It’s been a couple weeks since the call from Kyle, and I’m still out of whack. Maggie is worried. I mope around the house, skip class. At night I feel like crying but I can’t, so I drink too much, watch TV, smoke weed. I think about my mom in the hospital. Even though she’s just a shell of the woman she used to be, she’s still too good to be stuffed in that hot, fluorescent-lighted ward with those crazies in stained sweatpants. I think about Kyle. I wonder if he’s sleeping okay, if he dreams about Mom, sees her over and over again slumped on the kitchen table, gripping a mound of chalky tablets, the silt of medicine crusting her lips. I wonder again what I would have done if it had been me who had gone to visit her. If it had been my eyes that had caught her, wretched and alone, counting her piles of poison. Would I have been calm, in control? Or would I have screamed and grabbed her hair, slapped her face, yelled “How dare you”? What would her eyes have told me: Please, Jeremy, help me or Please, turn around, if you love me, turn around? And would I have loved her enough to obey?

My mom is proud of me. She tells me every time I see her. She’s the one who taught me to write. Even before kindergarten, when Kyle was in first grade and Alex was too young to speak, we would spend hours at the table together, filling notebook pages full of notes back and forth, about how much we loved each other. Walt Cottingham would be proud of me too. For the thousandth time I think about how I should send him a few of my short stories, show him how I’ve found passion at last.

I look over my old journals, read that I hadn’t cried in six years, and fresh tears warp the paper. I read my dad’s words, “You watch: she’ll kill herself as soon as you and Alex are grown.” I read the word Xanax over and over and over, and I feel its cool fingers tugging at me from the past.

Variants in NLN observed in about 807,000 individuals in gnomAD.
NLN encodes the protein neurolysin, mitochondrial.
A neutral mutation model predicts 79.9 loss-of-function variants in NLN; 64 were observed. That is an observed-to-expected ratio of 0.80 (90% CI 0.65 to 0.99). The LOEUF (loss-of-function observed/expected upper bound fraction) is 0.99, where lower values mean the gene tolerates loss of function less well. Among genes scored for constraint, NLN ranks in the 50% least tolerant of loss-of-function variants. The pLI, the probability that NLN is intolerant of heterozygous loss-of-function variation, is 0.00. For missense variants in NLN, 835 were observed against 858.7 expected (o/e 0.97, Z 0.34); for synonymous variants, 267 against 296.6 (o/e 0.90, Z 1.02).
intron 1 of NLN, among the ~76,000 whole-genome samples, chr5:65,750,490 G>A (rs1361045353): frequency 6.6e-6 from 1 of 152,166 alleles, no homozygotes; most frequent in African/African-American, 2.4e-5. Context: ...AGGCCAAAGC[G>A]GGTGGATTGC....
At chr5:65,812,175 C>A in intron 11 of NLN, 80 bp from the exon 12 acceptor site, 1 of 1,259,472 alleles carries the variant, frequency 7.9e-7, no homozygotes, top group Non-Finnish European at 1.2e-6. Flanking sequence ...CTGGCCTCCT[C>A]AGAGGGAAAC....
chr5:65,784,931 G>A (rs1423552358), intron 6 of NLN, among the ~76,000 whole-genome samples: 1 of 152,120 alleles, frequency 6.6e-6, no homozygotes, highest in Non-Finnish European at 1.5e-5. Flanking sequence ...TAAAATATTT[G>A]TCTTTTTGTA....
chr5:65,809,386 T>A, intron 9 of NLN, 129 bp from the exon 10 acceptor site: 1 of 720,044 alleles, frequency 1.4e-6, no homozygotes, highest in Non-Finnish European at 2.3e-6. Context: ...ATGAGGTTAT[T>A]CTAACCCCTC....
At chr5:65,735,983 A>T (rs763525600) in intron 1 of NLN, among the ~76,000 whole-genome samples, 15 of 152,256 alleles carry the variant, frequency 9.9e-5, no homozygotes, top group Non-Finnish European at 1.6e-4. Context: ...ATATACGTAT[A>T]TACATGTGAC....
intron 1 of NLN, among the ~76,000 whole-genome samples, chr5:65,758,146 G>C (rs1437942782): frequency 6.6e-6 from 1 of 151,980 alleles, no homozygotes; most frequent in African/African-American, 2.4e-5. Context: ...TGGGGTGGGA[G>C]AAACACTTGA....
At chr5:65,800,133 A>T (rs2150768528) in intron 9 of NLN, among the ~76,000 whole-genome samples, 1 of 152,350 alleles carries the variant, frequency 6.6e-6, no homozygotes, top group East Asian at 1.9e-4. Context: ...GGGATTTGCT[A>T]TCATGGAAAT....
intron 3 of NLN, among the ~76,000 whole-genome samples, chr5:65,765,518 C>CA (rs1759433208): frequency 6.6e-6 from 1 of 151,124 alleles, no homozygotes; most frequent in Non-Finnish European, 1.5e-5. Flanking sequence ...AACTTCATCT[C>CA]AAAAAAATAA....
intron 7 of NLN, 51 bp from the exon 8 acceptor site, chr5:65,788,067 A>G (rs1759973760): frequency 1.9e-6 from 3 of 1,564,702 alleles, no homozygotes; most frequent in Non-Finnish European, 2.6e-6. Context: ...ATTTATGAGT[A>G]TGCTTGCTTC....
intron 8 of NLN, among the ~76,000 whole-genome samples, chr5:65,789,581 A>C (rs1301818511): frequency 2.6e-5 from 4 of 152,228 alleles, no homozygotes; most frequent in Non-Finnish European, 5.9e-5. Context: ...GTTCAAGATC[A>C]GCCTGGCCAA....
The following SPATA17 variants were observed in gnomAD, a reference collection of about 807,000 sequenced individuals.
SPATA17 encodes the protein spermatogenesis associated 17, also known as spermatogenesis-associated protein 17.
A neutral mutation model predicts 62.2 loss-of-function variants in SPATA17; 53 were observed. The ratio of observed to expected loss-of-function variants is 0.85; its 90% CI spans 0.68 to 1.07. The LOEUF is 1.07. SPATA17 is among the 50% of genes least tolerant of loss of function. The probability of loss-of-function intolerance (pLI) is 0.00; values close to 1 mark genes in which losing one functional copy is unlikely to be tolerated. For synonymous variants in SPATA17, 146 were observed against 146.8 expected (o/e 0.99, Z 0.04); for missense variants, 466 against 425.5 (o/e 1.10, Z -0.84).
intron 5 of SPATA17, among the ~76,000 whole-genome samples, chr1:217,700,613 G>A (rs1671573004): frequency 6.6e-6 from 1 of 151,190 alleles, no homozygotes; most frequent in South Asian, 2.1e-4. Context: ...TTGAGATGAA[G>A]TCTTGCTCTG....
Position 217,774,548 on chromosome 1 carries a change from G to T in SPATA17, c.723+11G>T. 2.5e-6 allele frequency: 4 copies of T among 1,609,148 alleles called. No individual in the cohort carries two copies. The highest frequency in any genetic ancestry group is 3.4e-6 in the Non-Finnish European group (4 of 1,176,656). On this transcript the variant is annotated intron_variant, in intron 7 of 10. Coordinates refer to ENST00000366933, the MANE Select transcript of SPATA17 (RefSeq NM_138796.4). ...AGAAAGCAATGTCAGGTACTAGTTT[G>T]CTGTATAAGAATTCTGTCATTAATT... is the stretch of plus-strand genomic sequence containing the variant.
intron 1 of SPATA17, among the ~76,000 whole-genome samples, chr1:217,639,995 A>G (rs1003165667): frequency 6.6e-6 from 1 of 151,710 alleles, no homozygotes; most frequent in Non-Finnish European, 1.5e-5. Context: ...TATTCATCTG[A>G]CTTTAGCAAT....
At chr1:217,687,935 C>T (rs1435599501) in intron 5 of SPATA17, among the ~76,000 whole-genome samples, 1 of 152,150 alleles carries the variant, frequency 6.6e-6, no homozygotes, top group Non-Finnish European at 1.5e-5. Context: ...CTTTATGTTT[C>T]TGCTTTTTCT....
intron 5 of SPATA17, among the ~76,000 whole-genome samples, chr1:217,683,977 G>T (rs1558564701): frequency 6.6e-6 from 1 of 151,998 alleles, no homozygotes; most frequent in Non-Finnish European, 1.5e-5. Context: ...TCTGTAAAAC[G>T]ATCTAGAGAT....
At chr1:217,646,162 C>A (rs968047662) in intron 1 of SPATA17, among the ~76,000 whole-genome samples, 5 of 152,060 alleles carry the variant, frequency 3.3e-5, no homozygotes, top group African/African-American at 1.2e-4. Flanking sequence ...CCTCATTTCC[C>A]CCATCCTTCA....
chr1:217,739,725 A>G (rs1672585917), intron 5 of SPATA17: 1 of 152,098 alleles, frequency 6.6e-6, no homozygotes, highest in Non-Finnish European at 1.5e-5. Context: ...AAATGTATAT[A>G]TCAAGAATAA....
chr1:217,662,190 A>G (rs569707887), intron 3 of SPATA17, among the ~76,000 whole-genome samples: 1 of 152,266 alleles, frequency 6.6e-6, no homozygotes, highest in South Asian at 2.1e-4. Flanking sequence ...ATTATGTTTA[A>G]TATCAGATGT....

Maggie has problems with anxiety, and her doctor prescribed Ativan. She doesn’t take it much—maybe two or three times a month when she’s nervous about a presentation for school, or if she has trouble sleeping. Ativan is no Xanax, but it is a benzo. It turns your thoughts to warm static, makes your eyelids heavy. The little orange bottle filled with tiny pills sits right next to my head every night, on the bedside table. It would be so easy to pop the cap, swallow a couple, and embrace the silence.

Instead of picking up the bottle, I pick up a pen and open to a fresh page in my notebook. I fan my old journals around the table and think of my mom in her hospital room, curled in her bed with Zora Neale Hurston, stroking her stuffed cat, or sitting on the edge of her bed maybe, looking at our pictures, smiling back at me. For a moment I slide my palm over the fresh white page in my notebook. The paper is blank and silent—painless. It won’t do. I hunch my back, grip my pen, and stab the paper like an injection, batter the page, sully the cool silence with hot words.


Jeremy Rice is a senior creative writing major at the University of North Carolina–Asheville. He mostly writes fiction but has had both fiction and nonfiction pieces published in Headwaters, the literary magazine published through UNCA. He lives in Asheville with his girlfriend, Maggie, and is currently shopping around for low-residency MFA writing programs for after he finishes his undergraduate work in May 2008.